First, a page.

FANDOM


BBC Sport F1 was the British Broadcasting Corporation's Formula One coverage for the United Kingdom. It aired half the races live on television and all the races live on the radio. Extended highlights were shown for the races it did not air on television live. In seasons with an odd number of races, the number of races aired is rounded down (i.e. nine races in a nineteen race season). On 21 December 2015, the BBC confirmed that they had ended their six-year deal with Sky Sports F1 early, giving the television rights to Channel 4, although BBC Radio 5 Live will still broadcast Formula One races until 2021.[1]

HistoryEdit

The Early YearsEdit

The British Broadcasting Corporation first began televising Formula One during the 1950s in which it provided reviews and highlights of various races within the Formula One seasons. Full F1 races only began to be broadcast during the 1960's and were never displayed live. Full race coverage usually consisted of generally only the British Grand Prix and the Monaco Grand Prix and occasionally the season opener or season finale.

It was not until the 1973 Dutch Grand Prix in which the BBC broadcast the first live Formula One race to British audiences. The race, however, was marred by the death of Roger Williamson which naturally acted as a detractor from the sport which was considered by the majority of people at that period of time as rather unpopular and an extremely deadly sport.

Viewing numbers began to increase during the 1976 Formula One season after the titanic duel between Britain's James Hunt and Austria's Niki Lauda for the championship. The season saw the first time in which Murray Walker, the future broadcasting legend fronted a Formula One season full time providing the commentary for both the full races and those only broadcast as highlights.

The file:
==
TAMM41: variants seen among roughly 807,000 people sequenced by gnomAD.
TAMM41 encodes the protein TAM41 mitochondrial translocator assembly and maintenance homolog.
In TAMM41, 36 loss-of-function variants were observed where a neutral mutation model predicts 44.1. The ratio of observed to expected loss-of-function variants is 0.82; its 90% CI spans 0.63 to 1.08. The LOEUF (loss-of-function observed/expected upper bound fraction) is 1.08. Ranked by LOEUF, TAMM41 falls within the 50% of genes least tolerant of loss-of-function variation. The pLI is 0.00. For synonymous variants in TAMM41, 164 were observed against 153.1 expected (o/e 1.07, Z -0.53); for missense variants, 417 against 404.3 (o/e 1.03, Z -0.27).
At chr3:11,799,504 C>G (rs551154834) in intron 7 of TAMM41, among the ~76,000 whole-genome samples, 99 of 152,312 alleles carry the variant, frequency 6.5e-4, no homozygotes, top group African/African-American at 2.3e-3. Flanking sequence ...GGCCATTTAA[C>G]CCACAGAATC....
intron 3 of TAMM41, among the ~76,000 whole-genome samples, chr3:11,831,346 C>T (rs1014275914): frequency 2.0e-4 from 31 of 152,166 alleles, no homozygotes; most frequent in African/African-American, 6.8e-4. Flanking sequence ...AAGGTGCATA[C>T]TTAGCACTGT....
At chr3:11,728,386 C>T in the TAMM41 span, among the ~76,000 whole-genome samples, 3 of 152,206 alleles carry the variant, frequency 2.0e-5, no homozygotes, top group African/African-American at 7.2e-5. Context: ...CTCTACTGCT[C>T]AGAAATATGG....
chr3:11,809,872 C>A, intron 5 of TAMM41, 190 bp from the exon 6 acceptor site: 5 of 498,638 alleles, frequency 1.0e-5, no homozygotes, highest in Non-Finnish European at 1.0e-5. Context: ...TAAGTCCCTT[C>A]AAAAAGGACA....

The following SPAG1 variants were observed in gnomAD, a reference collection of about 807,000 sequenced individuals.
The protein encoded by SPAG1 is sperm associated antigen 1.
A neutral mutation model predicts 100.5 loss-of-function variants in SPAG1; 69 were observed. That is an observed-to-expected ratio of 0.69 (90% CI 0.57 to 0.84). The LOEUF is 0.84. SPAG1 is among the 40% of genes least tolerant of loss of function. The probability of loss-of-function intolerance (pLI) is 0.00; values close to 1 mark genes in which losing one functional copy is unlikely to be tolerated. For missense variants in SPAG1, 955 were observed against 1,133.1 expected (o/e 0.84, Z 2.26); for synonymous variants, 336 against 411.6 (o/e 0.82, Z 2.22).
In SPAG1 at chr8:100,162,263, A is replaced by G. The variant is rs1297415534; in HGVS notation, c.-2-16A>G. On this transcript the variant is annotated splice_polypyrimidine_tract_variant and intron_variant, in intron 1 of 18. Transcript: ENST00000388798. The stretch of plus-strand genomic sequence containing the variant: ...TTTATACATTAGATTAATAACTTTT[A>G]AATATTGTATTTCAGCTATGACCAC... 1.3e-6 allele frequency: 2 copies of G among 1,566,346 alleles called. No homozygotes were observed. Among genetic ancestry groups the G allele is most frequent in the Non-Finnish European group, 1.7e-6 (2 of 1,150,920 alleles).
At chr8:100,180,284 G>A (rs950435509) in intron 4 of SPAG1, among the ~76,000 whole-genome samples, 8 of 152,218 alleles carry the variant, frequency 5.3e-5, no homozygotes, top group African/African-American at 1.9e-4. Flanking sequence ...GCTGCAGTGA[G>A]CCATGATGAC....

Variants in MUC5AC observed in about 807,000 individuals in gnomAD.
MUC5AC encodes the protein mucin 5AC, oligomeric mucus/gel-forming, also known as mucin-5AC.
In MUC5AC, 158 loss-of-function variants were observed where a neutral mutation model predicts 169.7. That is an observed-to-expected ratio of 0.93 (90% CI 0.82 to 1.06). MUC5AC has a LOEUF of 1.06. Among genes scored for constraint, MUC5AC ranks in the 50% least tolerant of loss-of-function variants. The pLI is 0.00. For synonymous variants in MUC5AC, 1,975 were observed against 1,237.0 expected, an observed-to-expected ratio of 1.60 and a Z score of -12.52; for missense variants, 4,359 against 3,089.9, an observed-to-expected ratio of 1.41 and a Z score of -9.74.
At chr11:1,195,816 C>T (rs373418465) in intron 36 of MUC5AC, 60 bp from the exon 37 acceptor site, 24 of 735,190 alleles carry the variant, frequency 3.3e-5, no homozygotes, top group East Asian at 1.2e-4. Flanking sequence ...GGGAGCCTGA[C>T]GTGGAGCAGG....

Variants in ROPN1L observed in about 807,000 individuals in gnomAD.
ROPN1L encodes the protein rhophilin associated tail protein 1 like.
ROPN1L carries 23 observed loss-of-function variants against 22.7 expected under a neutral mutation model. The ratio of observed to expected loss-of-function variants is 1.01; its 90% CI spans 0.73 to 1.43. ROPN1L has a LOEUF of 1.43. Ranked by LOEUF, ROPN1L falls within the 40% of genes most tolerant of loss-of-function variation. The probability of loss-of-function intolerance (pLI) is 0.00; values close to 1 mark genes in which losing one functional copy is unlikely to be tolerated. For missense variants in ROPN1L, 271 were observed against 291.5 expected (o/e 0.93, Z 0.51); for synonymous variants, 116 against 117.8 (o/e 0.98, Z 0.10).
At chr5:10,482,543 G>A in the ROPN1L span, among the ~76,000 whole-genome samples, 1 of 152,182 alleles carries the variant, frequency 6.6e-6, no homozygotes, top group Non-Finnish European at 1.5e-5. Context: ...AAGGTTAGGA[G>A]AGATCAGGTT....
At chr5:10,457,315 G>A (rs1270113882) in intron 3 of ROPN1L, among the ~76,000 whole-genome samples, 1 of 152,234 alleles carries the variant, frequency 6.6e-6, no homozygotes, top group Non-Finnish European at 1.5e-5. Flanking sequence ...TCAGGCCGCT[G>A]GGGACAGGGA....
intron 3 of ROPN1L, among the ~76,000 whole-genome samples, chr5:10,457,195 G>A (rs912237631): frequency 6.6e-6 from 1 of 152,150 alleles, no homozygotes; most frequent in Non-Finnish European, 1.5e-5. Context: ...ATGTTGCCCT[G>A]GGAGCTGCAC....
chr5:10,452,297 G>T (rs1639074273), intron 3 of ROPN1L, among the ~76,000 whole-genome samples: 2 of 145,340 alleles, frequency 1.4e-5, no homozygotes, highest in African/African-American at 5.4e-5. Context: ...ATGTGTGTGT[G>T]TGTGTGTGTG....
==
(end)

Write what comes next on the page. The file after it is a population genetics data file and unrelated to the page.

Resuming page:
Towards the end of the 1979 Formula One season, Walker was joined in the commentary box by the 1976 Formula One World Champion James Hunt. Walker and Hunt initally had a turbulous relationship but the two eventually developed into a strong team who provided excellent Grand Prix coverage in which the duo single handedly attracted a large viewing base for Formula One within the United Kingdom. Meanwhile, the BBC used the ending of Fleetword Mac's "The Chain" for the intro.[2]

Commentary Line-UpEdit

Role Name Duration
Anchor Steve Rider 1990–1996
Jake Humphrey 2009–2012
Suzi Perry 2013–2015
David Coulthard 2014–2015 (Highlight races only)
Pundit David Coulthard 2009–2015
Eddie Jordan 2009–2015 (Live races only)
Allan McNish 2014–2015
Pit Lane Reporter Jonathan Palmer 1990–1993
Tony Jardine 1993–1996
Ted Kravitz 2009–2011
Gary Anderson 2012–2013
Tom Clarkson 2013–2015
Paddock Reporter Lee McKenzie 2009–2015
Lead Commentator Murray Walker 1976–1996
Jonathan Legard 2009–2010
Martin Brundle 2011
Ben Edwards 2012–2015
Co-Commentator James Hunt 1979–1993
Jonathan Palmer 1993–1996
Martin Brundle 2009–2010
David Coulthard 2011–2015
Analyst Allan McNish 2014–2015

See alsoEdit

NotesEdit

  1. "BBC to end Formula 1 television contract early". BBC News. 21 December 2015. http://www.bbc.co.uk/news/uk-35149963. Retrieved 12 February 2016.
  2. "BBC unveils 2009 F1 coverage – and return of The Chain". crash.net. 24 February 2009. Archived from the original on 12 February 2016. http://web.archive.org/web/20090226234808/http://www.crash.net/Formula+One/News/143325/1/bbc_unveils_2009_f1_coverage__and_return_of_the_chain.html. Retrieved 12 February 2016.

Ad blocker interference detected!


Wikia is a free-to-use site that makes money from advertising. We have a modified experience for viewers using ad blockers

Wikia is not accessible if you’ve made further modifications. Remove the custom ad blocker rule(s) and the page will load as expected.